In this part we will discuss the various tools regarding textures and shaders but i will also touch a little on the “math” library which is not really a math library but rather a collection of small neat little helper functions, a lot of which i have written over the last 15 years and still use pretty regularly.
currently there is two ways of making a texture first you can call the glzLoadTexture function or load the header, data and make the texture separatly (having the raw data can be useful at times).
But normally you would only want to use
unsigned int glzLoadTexture(char filename, glzTexFilter filter);
Simply give it a filename and a filter mode and it will return the texture handle, couldn’t be simpler.
For now it only reads TGA files but i plan on adding other formats later.
As for the texture filter i normally use glzTexFilter::ANSIO_MAX for textures that are used on 3D objects and glzTexFilter::LINEAR for 2d such as text.
And speaking of text, sometimes when i generate new fonts the image origin is not the default one (i get top left corner instead of bottom left), in that case use glzReadTgaHead to read the header which contains the image origin the texture is using
Now the ztool-tex.h/cpp files also contains a screenshot tool
void glzScreenShot(char filename, int x, int y, glzTexCompression type);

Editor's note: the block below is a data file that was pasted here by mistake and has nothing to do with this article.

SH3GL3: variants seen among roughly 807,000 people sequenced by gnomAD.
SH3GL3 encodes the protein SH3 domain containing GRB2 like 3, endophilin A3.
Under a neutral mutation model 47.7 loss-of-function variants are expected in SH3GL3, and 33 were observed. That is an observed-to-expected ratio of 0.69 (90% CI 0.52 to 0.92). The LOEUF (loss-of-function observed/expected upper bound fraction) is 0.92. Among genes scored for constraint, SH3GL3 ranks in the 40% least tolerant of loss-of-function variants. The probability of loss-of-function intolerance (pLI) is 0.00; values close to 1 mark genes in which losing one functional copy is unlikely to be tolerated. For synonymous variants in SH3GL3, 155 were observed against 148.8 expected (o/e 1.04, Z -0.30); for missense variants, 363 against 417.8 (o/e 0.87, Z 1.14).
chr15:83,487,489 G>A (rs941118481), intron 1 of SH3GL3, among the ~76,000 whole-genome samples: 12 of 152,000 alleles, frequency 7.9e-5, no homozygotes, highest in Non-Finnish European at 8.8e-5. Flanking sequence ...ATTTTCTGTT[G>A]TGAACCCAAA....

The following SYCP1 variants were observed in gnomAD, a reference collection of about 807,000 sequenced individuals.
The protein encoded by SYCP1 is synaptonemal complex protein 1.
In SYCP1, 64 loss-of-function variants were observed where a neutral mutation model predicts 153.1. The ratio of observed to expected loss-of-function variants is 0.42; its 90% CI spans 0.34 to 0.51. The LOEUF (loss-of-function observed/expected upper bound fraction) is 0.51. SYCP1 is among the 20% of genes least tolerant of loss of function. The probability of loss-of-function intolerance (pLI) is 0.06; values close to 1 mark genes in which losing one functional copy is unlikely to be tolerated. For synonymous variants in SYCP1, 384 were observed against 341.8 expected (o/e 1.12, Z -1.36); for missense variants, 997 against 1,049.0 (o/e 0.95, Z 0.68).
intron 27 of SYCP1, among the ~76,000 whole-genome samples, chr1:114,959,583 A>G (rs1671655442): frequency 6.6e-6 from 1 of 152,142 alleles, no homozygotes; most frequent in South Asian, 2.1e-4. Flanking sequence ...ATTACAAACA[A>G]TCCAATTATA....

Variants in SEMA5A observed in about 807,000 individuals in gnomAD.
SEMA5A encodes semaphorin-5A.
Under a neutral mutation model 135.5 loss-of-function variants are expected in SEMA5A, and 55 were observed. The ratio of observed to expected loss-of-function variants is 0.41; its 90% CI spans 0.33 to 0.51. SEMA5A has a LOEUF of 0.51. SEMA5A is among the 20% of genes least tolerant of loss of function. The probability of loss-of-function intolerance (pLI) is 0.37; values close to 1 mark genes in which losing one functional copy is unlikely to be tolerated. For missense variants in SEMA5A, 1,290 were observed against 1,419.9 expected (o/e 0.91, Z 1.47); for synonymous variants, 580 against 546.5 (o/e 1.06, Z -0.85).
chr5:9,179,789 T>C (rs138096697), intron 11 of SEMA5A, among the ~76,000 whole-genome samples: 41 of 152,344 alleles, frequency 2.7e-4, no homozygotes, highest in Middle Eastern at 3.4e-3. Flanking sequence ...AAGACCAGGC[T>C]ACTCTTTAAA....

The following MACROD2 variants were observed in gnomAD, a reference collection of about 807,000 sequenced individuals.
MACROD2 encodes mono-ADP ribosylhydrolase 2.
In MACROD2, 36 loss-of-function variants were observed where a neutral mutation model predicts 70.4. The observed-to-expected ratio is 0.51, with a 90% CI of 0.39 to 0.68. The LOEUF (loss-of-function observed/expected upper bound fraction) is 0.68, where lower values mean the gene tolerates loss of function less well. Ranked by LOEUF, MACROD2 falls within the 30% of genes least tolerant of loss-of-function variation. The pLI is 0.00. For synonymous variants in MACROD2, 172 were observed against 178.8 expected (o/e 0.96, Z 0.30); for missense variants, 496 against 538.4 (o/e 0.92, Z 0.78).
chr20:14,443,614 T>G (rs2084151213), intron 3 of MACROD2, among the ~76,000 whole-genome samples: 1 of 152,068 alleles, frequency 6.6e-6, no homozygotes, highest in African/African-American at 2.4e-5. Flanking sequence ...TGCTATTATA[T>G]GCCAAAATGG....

void glzScreenShotADV(char filename, int xoffset, int yoffset, int x, int y, int lossy, glzTexCompression type);
They work pretty much the same, input filename, width, height and compression mode and it saves the current framebuffer to that file.
The glzScreenShotADV function adds the ability to offset the image and add a lossy component to the compression (btw. never use lossy compression in a animation, it produces horrible artifacts visible in a video but not a still picture).
The process for loading shaders is simple, just load the shader and ling the program, there are two overloads, one with geometry shaders and one without
ProgramObject = glzShaderLoad(“data\\glsl.vert”, “data\\glsl.frag”, glzVAOType::AUTO);
glzVAOType::AUTO indicates that if your rendering any object either generated or otherwise with glzVAOType::AUTO it will work well if the shader has these tree lines is it
in vec3 Position;
in vec2 TexCoord;
in vec3 Normal;
There is not much more i can say about it, but i will add more and possibly redo and improve on a lot of this.
The glz library is hard to explain properly since it contains such a large(and growing) amount of functions, so take a look into the file as they are pretty well commented.
But a brief summary is in order
Various random function
Various modulo functions or modulo related functions
Vector functions (dot product, magnitude, normalize and so on)
Image coordinate remapping and image reading functions.
Remap to range
Various atlas generation functions
Complete set of openGL matrix replacement code
Qanternion addition to the above code
And a few thing s more